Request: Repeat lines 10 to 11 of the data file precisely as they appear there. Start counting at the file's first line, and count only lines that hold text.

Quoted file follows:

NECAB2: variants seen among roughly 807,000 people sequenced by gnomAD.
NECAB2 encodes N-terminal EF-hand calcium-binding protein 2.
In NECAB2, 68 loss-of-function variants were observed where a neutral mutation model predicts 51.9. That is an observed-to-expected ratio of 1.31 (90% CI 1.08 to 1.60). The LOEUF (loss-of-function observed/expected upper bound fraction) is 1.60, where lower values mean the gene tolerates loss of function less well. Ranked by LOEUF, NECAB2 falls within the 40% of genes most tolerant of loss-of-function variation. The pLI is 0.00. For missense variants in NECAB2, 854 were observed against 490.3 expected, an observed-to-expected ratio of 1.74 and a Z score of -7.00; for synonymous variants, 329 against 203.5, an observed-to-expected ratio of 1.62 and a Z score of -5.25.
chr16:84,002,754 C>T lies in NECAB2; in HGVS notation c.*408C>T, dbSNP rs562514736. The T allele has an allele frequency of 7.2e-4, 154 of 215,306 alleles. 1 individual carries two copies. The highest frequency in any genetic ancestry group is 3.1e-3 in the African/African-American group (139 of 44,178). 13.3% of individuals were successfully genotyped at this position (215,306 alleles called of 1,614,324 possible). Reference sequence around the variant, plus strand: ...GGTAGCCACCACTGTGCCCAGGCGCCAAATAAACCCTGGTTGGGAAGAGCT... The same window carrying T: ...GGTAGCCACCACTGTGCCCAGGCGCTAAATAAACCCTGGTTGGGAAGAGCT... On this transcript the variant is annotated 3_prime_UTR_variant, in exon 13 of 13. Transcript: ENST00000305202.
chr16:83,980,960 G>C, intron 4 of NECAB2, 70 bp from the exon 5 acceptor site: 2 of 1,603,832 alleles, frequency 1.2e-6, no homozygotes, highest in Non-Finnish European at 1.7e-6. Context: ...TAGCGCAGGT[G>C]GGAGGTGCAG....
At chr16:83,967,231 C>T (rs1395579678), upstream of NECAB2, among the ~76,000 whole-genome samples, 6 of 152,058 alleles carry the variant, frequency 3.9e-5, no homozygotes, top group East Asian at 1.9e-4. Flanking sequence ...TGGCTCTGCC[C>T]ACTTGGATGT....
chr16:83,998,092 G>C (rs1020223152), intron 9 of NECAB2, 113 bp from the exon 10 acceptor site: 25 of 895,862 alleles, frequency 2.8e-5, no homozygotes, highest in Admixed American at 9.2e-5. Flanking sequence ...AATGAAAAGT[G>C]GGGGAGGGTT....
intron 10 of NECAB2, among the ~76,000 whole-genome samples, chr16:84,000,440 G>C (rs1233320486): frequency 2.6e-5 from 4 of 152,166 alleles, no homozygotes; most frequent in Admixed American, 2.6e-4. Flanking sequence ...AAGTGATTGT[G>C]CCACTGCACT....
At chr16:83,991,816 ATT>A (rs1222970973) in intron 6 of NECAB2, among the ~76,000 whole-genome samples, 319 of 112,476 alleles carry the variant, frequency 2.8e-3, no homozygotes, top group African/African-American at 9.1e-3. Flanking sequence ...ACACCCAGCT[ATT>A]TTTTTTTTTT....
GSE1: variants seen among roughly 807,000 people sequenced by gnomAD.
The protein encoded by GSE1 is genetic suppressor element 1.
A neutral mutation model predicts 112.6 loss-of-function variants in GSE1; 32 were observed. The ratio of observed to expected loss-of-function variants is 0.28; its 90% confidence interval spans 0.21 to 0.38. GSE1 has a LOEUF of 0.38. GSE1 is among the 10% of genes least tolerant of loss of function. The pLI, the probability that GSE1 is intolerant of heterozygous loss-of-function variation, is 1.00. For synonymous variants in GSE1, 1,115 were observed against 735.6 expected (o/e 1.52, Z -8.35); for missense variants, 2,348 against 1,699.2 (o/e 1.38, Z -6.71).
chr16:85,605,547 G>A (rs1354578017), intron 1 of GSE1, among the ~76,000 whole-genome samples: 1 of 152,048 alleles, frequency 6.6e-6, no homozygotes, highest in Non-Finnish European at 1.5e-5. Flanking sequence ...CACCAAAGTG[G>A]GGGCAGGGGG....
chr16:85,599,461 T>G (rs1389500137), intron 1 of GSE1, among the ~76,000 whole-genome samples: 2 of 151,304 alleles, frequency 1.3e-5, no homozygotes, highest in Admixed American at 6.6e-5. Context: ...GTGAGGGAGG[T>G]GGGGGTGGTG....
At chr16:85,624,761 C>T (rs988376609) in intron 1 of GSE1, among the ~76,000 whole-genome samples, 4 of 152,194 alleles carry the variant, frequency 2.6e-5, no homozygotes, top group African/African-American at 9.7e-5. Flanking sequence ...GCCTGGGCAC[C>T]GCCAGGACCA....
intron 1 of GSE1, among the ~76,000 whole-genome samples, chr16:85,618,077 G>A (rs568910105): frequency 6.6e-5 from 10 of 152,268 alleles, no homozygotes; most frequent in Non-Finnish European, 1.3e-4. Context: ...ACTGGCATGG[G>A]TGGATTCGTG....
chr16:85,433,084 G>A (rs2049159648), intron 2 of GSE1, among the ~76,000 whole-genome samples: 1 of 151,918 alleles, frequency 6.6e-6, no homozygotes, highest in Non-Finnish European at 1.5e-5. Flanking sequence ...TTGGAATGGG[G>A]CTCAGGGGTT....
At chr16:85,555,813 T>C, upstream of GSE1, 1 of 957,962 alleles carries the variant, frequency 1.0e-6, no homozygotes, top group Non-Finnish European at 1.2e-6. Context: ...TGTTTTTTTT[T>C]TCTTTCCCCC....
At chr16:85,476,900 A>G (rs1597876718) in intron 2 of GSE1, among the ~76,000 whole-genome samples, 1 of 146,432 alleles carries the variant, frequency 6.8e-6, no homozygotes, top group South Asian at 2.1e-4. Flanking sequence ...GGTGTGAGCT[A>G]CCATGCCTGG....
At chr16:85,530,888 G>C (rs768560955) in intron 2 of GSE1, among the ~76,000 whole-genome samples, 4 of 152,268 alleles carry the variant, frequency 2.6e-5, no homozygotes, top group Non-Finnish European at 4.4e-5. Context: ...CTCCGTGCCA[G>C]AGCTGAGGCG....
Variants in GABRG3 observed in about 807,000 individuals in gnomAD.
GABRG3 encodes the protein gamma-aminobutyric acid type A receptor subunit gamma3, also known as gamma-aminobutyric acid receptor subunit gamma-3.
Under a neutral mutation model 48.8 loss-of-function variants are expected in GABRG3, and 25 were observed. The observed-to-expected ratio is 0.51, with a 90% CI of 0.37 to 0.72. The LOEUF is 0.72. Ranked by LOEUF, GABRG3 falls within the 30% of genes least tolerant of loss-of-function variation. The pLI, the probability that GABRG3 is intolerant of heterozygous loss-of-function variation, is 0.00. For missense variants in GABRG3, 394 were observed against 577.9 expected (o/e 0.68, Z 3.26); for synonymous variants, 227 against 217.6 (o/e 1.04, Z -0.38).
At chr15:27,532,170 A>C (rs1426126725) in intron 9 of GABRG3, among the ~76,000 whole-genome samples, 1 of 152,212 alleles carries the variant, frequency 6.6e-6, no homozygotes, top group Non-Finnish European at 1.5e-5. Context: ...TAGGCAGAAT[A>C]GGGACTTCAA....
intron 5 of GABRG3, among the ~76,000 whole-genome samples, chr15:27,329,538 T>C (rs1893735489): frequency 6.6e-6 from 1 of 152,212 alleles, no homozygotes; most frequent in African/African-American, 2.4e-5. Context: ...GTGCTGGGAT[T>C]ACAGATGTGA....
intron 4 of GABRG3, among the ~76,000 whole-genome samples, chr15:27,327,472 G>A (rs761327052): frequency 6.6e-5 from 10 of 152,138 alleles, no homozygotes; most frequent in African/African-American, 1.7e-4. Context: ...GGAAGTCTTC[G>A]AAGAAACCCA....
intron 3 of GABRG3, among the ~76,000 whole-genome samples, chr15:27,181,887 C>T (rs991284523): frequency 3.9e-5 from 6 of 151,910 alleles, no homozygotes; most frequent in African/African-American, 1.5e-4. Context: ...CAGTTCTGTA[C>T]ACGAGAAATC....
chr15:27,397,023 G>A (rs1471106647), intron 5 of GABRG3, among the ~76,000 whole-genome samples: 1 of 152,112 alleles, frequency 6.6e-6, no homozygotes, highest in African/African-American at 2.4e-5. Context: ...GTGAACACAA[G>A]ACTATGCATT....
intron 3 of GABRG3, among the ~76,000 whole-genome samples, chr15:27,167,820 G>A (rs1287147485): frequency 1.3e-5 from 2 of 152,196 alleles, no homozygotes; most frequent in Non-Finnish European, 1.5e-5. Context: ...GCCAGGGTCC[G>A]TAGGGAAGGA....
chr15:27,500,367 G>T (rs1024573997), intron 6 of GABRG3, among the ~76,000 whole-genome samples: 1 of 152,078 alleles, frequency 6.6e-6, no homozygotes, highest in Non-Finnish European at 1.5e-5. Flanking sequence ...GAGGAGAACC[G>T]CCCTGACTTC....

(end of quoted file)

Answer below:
GSE1: variants seen among roughly 807,000 people sequenced by gnomAD.
The protein encoded by GSE1 is genetic suppressor element 1.